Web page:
No signs of life on Venus (yet)

(ORDO NEWS) — The unusual behavior of sulfur in Venus’s atmosphere cannot be explained by an “airy” form of extraterrestrial life, a new study says.

Scientists at the University of Cambridge used a combination of biochemistry and atmospheric chemistry to test the “cloud life” hypothesis that astronomers have been speculating about for decades, and found that life cannot explain the composition of Venus’s atmosphere.

Any life form in sufficient numbers should leave chemical fingerprints in the planet’s atmosphere as it consumes food and discards waste. However, the Cambridge researchers did not find any signs of such imprints on Venus.

The researchers used a combination of atmospheric and biochemical models to study the chemical reactions expected to take place given the known sources of chemical energy in Venus’s atmosphere.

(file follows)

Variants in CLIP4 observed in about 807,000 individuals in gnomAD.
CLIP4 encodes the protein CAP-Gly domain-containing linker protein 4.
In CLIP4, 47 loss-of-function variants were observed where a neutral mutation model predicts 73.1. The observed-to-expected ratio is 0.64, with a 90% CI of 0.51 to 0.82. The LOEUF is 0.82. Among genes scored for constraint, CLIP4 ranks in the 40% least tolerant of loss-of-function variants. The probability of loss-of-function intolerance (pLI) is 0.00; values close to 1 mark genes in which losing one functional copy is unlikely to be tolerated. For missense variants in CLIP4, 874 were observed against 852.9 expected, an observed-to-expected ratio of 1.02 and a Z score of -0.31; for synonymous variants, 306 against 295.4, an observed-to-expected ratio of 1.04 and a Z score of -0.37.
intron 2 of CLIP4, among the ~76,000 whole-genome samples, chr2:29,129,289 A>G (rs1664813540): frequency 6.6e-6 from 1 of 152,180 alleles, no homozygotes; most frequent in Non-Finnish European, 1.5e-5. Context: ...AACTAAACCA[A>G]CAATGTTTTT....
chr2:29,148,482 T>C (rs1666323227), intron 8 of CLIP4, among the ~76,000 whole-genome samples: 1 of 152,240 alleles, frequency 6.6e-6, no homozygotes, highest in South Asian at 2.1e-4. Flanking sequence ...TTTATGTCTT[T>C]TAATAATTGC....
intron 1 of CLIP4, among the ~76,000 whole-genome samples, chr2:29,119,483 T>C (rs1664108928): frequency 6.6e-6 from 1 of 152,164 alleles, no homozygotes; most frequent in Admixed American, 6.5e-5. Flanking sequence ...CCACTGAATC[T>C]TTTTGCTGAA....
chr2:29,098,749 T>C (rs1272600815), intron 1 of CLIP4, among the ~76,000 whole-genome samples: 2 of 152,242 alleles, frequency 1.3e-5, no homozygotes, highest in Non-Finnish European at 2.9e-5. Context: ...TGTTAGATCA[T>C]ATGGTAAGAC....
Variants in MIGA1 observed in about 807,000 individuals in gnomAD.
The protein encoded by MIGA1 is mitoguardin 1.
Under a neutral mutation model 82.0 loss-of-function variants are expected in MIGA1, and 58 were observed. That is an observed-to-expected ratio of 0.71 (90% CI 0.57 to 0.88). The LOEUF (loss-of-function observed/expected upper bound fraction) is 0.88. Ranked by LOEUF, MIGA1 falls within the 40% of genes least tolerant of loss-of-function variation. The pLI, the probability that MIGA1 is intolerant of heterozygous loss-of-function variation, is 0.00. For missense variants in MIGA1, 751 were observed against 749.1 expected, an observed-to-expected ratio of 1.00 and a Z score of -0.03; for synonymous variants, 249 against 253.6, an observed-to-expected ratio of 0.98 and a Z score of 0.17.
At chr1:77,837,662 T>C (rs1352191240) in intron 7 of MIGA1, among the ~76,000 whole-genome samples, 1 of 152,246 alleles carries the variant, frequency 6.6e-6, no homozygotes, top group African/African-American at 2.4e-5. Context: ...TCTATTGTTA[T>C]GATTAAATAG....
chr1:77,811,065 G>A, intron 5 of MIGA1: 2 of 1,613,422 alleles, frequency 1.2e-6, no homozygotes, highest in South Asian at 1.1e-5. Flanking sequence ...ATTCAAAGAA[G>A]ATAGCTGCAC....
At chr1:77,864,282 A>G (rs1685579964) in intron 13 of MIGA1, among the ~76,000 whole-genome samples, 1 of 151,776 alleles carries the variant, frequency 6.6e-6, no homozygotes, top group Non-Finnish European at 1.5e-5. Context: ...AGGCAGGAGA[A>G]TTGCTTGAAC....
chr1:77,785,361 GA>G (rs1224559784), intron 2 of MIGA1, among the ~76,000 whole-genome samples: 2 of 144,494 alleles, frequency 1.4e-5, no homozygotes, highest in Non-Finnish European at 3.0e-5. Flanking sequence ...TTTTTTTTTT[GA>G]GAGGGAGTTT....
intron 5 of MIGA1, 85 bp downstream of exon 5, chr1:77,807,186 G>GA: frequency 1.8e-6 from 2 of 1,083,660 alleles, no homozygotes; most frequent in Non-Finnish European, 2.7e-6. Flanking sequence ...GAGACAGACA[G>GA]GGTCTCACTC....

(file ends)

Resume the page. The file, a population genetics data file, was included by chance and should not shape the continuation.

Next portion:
The models considered one feature of the Venusian atmosphere – the abundance of sulfur dioxide (SO2). On Earth, most of the SO2 in the atmosphere comes from volcanic emissions. On Venus, high levels of SO2 are found lower in the clouds, but it is somehow “sucked” out of the atmosphere at high altitudes.

The researchers ran a model of metabolic reactions to see if they could explain the decline in SO2 levels. They found that metabolic reactions can lower SO2 levels, but only by producing other molecules in very large quantities that are not visible.

The results set a hard limit on how much life can exist on Venus without destroying our understanding of how chemical reactions work in planetary atmospheres – it turns out that this is not a viable solution.

There’s no evidence that sulfur-eating life lurks in the clouds of Venus, but researchers say studying our neighbor’s chemical behavior could help scientists figure out how similar planets across the galaxy behave.

“Even if ‘our’ Venus is dead, it is possible that life could exist on Venus-like planets in other systems,” the scientists conclude.

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